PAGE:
by having it address the serious issue
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The problem with Affirmative Action programs that give preferences according to race is that the programs assume that merely being a member of a designated “race” means you NEED Affirmative Action when competing against other candidates for jobs or school admissions against other people who are similarly situated. The whole concept of “race” is ambiguous because (1) it does not match the reality of the very different abilities and life experiences of people placed in a single “race” category by the people dispensing the privilege, and (2) human reality is much more diverse than the categories of “white”, “black” and “Hispanic” that are most typically used to administer preferences. Over an over again, the entire panoply of “Asian” people is declassified and ignored as a “race” in these processes, not only at places like UC Berkeley, where Asians tend to be more likely than whites to have outstanding qualifications, but also at land-locked University of Michigan, where Asians are indisputably a minority, but don’t get any credit for bneing so in the university admissions selection process. This kind of variability in the definition of “race” has no rational basis, and is therefore suspect under the Equal Protection clause of the 14th Amendment.
There is also a deadly irony at the very heart of Affirmative Action programs. The people who are making the secret evaluation of applicants and giving extra credit to people in certain selected “races” are doing so because of the worry that without an affirmative preference, in an open competition the “minority race” persons would be discriminated against–by the very same people who are giving them the preference! Since the immediate problem is prejudice against certain minority races, why can’t the people at universities, etc. that make these decisions simply pledge to an open, public selection process that will ensure that any discrimination they engage in against a minority student will be immediately obvious to everyone, both their peers and all the other applicants. Since selection of student A means that student B is deprived, why not put the objective information–SAT scores, previous GPA, academic achievements–out on a public web page so every applicant can see how he or she stacks up against everyone else? The idenitity of each applicant could be concealed by a code number, but the overall profile of all the applicants could be seen by everyone and any negative disadvantage assigned to someone purely on the basis of race could be seen by everyone. That would be a guarantee against harming a minority applicant because of his or her race, so that giving him or her a preference over white students would not be necessary.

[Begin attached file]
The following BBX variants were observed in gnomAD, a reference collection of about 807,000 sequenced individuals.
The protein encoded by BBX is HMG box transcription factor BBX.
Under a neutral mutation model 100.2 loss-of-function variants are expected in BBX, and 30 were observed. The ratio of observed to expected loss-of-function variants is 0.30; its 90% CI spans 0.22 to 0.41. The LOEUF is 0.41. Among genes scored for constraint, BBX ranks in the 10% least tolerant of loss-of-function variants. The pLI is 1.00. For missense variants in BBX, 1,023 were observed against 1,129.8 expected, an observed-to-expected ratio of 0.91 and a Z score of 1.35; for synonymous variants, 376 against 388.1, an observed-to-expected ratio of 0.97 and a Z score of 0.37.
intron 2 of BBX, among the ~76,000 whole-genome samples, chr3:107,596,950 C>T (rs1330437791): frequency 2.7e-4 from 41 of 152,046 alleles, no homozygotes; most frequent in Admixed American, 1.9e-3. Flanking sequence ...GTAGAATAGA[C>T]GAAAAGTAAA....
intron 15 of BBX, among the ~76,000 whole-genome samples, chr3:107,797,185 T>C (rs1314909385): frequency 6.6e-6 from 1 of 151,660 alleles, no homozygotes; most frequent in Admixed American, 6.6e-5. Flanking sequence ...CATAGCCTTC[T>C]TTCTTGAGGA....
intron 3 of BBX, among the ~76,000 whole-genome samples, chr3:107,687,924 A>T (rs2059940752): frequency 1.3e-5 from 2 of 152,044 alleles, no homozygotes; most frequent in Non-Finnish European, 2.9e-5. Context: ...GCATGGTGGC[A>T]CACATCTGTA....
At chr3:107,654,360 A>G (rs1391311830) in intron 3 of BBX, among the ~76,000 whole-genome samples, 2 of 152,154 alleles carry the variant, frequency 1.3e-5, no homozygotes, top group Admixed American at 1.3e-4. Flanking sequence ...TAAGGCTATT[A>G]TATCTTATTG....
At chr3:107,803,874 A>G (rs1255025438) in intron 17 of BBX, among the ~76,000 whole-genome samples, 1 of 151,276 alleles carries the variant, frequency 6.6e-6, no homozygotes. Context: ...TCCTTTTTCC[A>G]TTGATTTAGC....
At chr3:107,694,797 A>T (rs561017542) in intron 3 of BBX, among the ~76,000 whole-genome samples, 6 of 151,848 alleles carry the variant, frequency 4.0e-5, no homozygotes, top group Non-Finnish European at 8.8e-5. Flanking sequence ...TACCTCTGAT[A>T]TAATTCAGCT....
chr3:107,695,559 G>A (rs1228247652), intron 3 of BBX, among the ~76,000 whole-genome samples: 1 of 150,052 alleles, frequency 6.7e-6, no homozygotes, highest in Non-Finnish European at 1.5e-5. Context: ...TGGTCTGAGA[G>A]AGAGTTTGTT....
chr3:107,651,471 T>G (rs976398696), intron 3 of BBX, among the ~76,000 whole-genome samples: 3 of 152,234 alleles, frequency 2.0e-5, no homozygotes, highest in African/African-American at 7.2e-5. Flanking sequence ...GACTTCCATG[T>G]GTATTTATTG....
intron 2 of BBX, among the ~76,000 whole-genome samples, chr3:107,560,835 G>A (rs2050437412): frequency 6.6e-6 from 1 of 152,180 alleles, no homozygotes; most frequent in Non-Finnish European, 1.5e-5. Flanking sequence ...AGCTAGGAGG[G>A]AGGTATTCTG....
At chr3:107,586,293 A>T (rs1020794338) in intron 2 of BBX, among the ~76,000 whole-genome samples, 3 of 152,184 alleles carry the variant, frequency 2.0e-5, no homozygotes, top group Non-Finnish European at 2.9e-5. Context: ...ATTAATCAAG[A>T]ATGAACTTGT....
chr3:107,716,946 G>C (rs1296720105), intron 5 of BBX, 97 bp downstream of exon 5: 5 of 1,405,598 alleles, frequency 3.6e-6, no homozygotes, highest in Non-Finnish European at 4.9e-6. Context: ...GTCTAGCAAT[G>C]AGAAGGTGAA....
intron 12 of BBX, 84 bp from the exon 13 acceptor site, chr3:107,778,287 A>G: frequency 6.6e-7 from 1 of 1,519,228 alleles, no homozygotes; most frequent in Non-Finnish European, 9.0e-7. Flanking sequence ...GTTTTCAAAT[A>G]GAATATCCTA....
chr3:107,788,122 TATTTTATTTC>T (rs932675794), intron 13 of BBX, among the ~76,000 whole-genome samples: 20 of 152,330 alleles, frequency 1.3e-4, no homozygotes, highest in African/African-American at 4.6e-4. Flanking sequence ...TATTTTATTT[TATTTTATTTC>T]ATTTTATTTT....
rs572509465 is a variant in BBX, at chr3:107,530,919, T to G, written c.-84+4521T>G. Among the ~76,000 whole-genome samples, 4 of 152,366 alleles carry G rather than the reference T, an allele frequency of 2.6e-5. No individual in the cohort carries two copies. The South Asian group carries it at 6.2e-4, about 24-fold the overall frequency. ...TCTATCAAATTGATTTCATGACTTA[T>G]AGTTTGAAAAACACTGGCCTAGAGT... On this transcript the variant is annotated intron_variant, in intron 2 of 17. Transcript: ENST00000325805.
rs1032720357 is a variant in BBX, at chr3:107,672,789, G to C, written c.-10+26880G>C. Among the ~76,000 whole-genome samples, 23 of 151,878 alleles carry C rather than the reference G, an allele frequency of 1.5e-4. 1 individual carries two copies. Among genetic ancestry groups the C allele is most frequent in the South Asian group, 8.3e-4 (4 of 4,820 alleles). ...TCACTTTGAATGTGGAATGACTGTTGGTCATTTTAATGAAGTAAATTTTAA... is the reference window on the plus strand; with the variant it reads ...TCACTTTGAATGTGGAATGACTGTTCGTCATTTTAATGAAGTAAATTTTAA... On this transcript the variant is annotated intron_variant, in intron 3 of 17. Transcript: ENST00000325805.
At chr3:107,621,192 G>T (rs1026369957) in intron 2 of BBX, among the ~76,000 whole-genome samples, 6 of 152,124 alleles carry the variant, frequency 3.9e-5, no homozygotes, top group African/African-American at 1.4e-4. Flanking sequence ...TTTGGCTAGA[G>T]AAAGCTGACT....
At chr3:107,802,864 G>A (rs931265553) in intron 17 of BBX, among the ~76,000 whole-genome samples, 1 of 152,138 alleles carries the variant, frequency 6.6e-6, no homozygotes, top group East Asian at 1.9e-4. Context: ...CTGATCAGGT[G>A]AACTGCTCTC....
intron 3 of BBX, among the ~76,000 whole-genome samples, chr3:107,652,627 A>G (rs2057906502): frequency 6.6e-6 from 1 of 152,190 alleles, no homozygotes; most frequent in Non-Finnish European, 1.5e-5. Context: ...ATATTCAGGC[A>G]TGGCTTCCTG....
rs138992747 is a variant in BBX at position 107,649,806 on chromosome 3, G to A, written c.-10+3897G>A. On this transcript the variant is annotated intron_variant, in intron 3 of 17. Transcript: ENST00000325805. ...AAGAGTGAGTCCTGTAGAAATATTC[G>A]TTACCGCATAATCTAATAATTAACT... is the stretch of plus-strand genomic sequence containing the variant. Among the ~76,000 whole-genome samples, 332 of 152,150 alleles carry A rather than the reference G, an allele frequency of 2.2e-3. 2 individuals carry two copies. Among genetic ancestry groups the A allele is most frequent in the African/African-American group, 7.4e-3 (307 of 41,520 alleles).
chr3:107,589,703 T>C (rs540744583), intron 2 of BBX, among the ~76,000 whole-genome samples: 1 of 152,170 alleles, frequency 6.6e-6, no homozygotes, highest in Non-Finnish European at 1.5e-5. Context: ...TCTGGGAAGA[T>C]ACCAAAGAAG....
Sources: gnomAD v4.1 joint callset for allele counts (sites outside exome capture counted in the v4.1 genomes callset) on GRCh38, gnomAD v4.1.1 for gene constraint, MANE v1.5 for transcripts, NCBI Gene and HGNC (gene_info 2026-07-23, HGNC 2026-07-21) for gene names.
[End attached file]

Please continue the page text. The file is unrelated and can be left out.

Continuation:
The notion that what the acceptance process is doing is NOT simoply accepting people into a scjhool or job, but the main way in which certain minorities will be increased in certain professions, is one of the places where the process goes off the rails. If it is so darned important to increase the number of minority lawyers, for instance, then why stop at admissions, why nmot require they get preferences in all their class grades, as well as on the state bar exam? That would increase the number of minority lawyers, right? Except that it would destroy the value of the education and of passing the bar exam in the eyes of people who make the decision to hire the new lawyer. All grades and other achievements would be discounted for all miniority law school graduates. Plus, the other students would not stand for being discriminated against in class on the basis of race, especially when the beneficiary of the discrimination, who is moved ahead of them in class rankings and in placement onto the Law Review staff, is right there where they can be the target of other students’ anger. No professor wants to see the academic reputation of his or her college or grad school impaired by a general perception that their grades don;t mean anything, that their “brand” does not stand for being the smartest lawyers, etc. So you have to have realistic grading, which places the students who have been admitted at the bottom of their class in a permanent position of being at the bottom. They will forever be labeled as being #120 out of 140 graduates. If they had gone to a less competitive school, they could have naturally stood out from their peers. But being the “beneficiaries” of Affirmative Action guarantees they will look bad compared to their peers.
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